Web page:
Agenda item

Heart Health Plan and Campaign - Kay Mann


Members welcomed Kay Mann from Public Health to the meeting to give an update on the Heart Health Plan and campaign.


K Mann leads on cancer prevention and heart health. There is a high-level strategy in place for heart health across the borough and an alliance has been set up with partners to prevent heart attacks, strokes, angina, and high blood pressure.


Primary care and pharmacies will be managing these after an initial referral from the team, but the vision is to prevent and improve heart health through early detection. 80% of heart attacks and strokes are avoidable through health improvement changes such as smoking, healthy diet, moving more and drinking less alcohol.


In Barnsley there are 36,000 people with heart issues and 55 of these result in death in each month. 44 of these could be avoided and St Helen is the worst ward for emergency admissions for heart attacks and deaths from heart disease. More needs to be done with a targeted approach to reduce health inequalities as many people are leaving it too late before getting help. This often leads to long term disabilities and death.


The time between the initial symptom of a stroke and presenting at hospital is 15 hours in the Barnsley area, in other areas it is 2 hours. The specific drug which can help with a stroke needs to be administered within 4.5 hours, so many are leaving it too long for intervention. People who are experiencing a stroke do not want to attend A&E or call an ambulance but, in these instances, calling an ambulance is the best option as this can determine the treatment and where it is administered.


The biggest risk factor is blood pressure, and the team are working with GPs to identify which patients have their blood pressure information missing from their records. They are concentrating on men from the Dearne and North and are working with local pharmacies to refer on for support. So far from the 2 sessions carried out in the North, 20 people from the 56 who attended have been referred on for further investigation.  There is a session coming up shortly in Athersley and the team are trying to set something up at Asda, Old Mill Lane. Anyone who is picked up as having an elevated blood pressure reading is referred onto a pharmacy and can be fitted with a monitor.


The health check service is re-starting, and this will help people who need the most support. This comes from the public health budget and provides support to those over 40 and checks a number of things including height, weight, blood pressure and cholesterol. They want to concentrate on quality over quantity and there is extra funding available to embed this in communities by training people who offer other one to one service, e.g., hairdressers. There are resources in place to target men in deprived areas such as beer mats for pubs and working men’s clubs and additional resources in the form of posters and leaflets. Additionally, the team are available to pull people in and do on the spot checks, at they are aware how hard it is to get into a GP. It was clarified that the team will explore visiting community centres, coffee mornings and Dementia Café’s and are leaving leaflets in shops.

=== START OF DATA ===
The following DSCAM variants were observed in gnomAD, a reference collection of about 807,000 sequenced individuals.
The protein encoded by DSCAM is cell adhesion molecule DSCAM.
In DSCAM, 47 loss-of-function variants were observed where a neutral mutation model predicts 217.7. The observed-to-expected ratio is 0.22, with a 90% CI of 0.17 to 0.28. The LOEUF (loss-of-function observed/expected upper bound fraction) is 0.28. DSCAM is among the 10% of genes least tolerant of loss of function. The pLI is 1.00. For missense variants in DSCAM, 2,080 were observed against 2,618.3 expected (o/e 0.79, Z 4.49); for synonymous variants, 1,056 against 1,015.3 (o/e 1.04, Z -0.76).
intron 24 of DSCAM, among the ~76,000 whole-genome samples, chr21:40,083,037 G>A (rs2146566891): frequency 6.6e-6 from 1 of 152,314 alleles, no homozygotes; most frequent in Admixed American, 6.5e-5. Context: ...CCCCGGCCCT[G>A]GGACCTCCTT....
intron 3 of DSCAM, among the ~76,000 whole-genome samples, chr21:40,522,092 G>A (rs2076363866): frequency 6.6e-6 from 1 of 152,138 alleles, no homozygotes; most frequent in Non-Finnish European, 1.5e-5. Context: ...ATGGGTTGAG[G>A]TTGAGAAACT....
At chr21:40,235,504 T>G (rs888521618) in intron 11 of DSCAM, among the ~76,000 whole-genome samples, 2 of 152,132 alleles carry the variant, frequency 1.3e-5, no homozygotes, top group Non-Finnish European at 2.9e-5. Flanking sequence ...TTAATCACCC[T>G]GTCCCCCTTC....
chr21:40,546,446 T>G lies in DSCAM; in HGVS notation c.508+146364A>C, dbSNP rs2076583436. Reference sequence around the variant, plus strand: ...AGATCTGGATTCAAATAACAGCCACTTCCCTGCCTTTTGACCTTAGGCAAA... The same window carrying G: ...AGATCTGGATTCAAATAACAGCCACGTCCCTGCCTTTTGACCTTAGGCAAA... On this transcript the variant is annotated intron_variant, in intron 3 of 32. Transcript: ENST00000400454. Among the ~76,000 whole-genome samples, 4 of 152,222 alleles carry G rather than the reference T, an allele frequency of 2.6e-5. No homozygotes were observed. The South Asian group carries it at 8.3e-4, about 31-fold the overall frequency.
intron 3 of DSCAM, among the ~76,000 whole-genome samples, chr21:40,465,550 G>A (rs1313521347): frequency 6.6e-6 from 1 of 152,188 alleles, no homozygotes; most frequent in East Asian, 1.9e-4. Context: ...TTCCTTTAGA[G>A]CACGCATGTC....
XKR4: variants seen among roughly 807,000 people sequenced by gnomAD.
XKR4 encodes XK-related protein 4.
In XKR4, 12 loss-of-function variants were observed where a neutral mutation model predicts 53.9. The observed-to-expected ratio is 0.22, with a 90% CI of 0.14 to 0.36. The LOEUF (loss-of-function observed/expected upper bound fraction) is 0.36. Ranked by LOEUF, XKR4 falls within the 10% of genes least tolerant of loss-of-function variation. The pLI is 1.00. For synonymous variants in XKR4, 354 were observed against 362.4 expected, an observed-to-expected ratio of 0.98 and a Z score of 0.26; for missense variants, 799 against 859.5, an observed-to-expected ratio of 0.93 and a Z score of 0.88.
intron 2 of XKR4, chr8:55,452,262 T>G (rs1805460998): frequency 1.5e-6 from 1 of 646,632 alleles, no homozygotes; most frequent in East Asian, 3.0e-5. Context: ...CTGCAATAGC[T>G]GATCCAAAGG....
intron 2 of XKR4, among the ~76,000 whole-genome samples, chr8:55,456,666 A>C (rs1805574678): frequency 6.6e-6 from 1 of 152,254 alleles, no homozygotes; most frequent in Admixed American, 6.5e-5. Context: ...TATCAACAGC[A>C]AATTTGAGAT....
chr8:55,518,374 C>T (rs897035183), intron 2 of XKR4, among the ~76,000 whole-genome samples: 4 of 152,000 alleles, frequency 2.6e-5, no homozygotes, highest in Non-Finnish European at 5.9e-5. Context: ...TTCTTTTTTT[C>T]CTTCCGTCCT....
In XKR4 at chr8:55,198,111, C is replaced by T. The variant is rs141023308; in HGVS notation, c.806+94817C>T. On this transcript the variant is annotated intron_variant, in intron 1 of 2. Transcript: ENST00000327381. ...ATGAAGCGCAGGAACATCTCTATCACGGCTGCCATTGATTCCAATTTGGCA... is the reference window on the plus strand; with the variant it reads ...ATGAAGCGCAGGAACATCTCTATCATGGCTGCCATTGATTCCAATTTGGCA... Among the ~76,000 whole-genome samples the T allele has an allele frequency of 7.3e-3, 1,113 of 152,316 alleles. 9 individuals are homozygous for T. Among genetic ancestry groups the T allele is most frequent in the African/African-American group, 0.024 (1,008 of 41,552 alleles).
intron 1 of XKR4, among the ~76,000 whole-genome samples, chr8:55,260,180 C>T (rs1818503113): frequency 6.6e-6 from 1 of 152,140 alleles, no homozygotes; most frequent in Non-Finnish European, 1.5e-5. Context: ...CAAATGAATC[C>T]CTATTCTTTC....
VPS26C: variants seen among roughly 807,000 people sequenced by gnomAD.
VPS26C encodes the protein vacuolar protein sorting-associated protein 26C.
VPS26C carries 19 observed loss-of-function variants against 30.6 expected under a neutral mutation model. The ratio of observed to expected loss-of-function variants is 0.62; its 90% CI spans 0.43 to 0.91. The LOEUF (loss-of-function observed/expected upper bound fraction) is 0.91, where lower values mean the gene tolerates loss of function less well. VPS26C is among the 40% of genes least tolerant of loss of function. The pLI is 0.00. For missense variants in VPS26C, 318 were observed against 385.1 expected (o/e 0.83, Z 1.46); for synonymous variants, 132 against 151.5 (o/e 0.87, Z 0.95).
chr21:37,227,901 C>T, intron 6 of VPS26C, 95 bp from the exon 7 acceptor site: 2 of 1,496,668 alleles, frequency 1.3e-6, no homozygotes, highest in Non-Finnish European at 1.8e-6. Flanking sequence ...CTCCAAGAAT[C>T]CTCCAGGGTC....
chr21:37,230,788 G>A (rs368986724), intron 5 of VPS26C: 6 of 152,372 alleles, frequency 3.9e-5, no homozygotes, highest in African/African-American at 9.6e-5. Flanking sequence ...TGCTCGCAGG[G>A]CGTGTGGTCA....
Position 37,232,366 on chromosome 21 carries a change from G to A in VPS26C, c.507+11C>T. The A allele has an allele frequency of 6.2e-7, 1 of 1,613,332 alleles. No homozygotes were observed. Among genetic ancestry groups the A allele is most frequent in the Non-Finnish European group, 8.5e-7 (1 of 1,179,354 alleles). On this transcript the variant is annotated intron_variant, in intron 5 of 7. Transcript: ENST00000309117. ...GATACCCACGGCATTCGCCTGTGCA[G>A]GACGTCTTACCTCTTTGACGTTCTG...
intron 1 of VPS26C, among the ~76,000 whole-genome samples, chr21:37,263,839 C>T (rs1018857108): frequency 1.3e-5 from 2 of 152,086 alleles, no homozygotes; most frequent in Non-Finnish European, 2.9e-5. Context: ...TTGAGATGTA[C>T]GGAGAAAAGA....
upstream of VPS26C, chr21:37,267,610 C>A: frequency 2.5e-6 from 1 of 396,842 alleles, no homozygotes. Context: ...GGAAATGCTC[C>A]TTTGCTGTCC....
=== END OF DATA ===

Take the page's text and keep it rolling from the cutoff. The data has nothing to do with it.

Members discussed the Cancer Research bus in the town centre and stated that it found obesity to be a problem, but that people were waiting a long time to be referred by the GP to BPL, sometimes 2-3 months and were losing motivation by this time. K Mann clarified that BPL do have a waiting list, but it is not as long as 2-3 months. Additionally, in regard to the new health model there is a focus on keeping the momentum going by providing all support face to face with a prompt follow up. The new team within GP surgeries which includes care coordinators and health, and wellbeing coaches are part of this. Furthermore, resources are being taken out into the community for rapid results.


Members stated that they are worried about the lack of access to GP’s and as time goes by it is getting worse. K Mann acknowledged that it is hard to get into a GP, but that people need to preserver and that the public need to be encouraged to do this. One Member stated that he had witnessed a person in incredible pain trying to access a GP appointment to be told one is not available, after some time an appointment was offered but with a healthcare practitioner and not a GP. They are worried that this is systematic and that surgeries are run by agencies where you see a nurse practitioner and not a GP.


K Mann acknowledged that a GP is not always best placed to deal with medical issues, for example it may be a diabetic nurse with specialist training who provides support to manage a condition. However, Members noted that there is a triage system in place but that receptionists are doing this with a queue of people in front of them instead of in private and this is problematic. It was clarified that not all people are experiencing these issues and are getting to see a GP. However, some people are turning up at A&E as they believe they cannot see a GP.


The idea is for the service to fill a gap and target a huge number of people, Public Health are well placed to do this. The aim is to reduce the pressure on the NHS and help people before they require an ambulance.  Oly using A&E provision as a last resort.  It was clarified that if something is found by the team there are protocols which become active to support the person moving forward. However, it is important to note that this service is in addition to regular support and any other issues require exploring with the GP.


On Wednesday 20th July there is an event for blood pressure checks in Mapplewell and Cllr Hunt will try to attend to support and promote the service.

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